Back to the Learning Center

By: Scott Grossman on September 12th, 2016

Assets Listed on the Two Inventory and Appraisal Attachments

When administering the estate of your loved one, one of your responsibilities is to prepare an inventory of the estate’s assets. This inventory is a detailed listing of all of the assets that your decedent owned at the time of his or her death, along with the assets’ appraised value. Personal representatives use the Inventory and Appraisal Form to provide this information. Notice, this form contains two attachments that list out the specific assets.

Attachment One of the Inventory and Appraisal Form

The first attachment, the Inventory and Appraisal Form, is used to list the money and cash of the estate. Listed below are some examples of the types of assets that should be listed in the first Attachment:

  • Cash held in brokerage accounts
  • Bank accounts
  • Refund checks from the IRS, utility companies, insurance companies, Medicare, and other sources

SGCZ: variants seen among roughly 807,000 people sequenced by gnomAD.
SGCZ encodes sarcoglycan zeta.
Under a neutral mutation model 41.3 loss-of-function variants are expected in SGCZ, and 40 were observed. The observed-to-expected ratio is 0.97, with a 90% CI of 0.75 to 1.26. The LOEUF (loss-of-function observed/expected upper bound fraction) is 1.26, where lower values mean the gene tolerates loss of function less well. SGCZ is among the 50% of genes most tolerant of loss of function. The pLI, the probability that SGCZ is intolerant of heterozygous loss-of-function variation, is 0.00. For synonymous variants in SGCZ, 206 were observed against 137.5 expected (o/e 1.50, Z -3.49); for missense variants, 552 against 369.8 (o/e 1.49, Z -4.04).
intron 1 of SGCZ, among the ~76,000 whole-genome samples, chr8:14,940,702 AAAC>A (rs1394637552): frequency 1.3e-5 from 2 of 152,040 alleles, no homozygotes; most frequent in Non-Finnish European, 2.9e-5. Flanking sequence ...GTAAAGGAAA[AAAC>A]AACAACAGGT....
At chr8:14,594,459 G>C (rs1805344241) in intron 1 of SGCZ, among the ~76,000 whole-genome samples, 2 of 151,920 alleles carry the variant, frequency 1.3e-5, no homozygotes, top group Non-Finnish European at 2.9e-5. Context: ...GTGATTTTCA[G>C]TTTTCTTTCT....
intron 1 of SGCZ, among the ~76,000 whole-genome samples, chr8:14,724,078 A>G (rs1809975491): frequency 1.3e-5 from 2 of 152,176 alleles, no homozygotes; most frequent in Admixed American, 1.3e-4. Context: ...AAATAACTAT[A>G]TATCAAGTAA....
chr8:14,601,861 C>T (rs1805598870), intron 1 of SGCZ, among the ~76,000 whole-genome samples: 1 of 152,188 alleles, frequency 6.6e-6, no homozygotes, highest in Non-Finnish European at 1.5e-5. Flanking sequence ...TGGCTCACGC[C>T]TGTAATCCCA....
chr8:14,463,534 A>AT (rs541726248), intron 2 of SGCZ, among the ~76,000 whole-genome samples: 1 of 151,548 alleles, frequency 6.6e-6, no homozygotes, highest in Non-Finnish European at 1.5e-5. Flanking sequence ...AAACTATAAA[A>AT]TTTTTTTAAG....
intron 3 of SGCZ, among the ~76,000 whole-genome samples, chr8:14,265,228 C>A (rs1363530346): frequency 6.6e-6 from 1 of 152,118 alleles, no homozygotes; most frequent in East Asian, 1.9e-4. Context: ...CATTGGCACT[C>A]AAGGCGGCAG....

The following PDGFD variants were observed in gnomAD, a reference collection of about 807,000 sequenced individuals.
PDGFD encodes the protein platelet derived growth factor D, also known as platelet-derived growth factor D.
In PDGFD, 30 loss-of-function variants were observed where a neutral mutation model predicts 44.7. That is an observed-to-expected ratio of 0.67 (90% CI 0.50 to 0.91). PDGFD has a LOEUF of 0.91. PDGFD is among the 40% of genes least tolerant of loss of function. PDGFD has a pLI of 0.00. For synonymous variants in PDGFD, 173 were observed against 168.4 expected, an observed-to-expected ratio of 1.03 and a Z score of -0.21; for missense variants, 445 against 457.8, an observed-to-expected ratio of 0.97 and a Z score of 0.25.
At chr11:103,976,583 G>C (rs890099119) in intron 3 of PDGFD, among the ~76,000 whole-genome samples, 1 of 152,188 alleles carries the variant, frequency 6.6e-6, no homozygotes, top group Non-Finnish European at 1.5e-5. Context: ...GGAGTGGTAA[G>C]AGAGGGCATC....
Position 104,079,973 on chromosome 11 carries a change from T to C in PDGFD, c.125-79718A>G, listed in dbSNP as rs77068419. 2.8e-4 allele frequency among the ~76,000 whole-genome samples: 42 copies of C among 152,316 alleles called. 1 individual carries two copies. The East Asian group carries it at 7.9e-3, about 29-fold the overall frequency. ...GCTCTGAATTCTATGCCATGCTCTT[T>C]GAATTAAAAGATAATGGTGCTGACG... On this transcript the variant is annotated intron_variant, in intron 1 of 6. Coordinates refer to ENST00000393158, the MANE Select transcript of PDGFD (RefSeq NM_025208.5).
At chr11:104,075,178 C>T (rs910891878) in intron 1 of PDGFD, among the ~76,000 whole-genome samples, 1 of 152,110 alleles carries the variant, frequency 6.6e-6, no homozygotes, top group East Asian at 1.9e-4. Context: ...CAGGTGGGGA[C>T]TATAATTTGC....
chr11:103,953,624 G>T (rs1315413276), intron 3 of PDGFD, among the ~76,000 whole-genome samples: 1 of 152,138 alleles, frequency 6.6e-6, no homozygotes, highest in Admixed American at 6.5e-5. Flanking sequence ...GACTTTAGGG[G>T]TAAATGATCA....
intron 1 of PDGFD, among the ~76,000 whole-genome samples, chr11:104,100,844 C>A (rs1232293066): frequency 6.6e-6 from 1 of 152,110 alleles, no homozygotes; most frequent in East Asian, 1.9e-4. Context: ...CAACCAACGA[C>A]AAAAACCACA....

• Money market mutual funds
  • Proceeds in life insurance policies
  • Proceeds of retirement plans
  • Annuities payable to the decedent’s estate in lump sum amounts

For each item, you should list the dollar value as of the date of death of your loved one.

Attachment Two of the Inventory and Appraisal Form

Next, items listed in Attachment Two, represent all other types of property that belonged to the decedent. Here are a few examples of these assets:

  • Real estate
  • Stocks
  • Bonds
  • Securities
  • Automobiles
  • Partnership and business interests
  • Household furniture (listed as one item, not individually)
  • Any unique, artistic, unusual, or special items of tangible property (antique furniture, collectible automobiles, or coin collections)

For most of these assets, a blank space can be left until the probate referee appraises the property and completes the form. Keep in mind, an independent appraiser who is an expert in working with the specific type of asset may appraise the unique, artistic, unusual, or special items. You should make a notation on the form to indicate that such an appraiser will appraise it.

If you are ready to start your case, then please give us a call or fill out our Get Help Now form. A comprehensive overview of California Probate is available here. Should you have additional questions about trust litigation, you will find plenty of useful information in our Learning Center.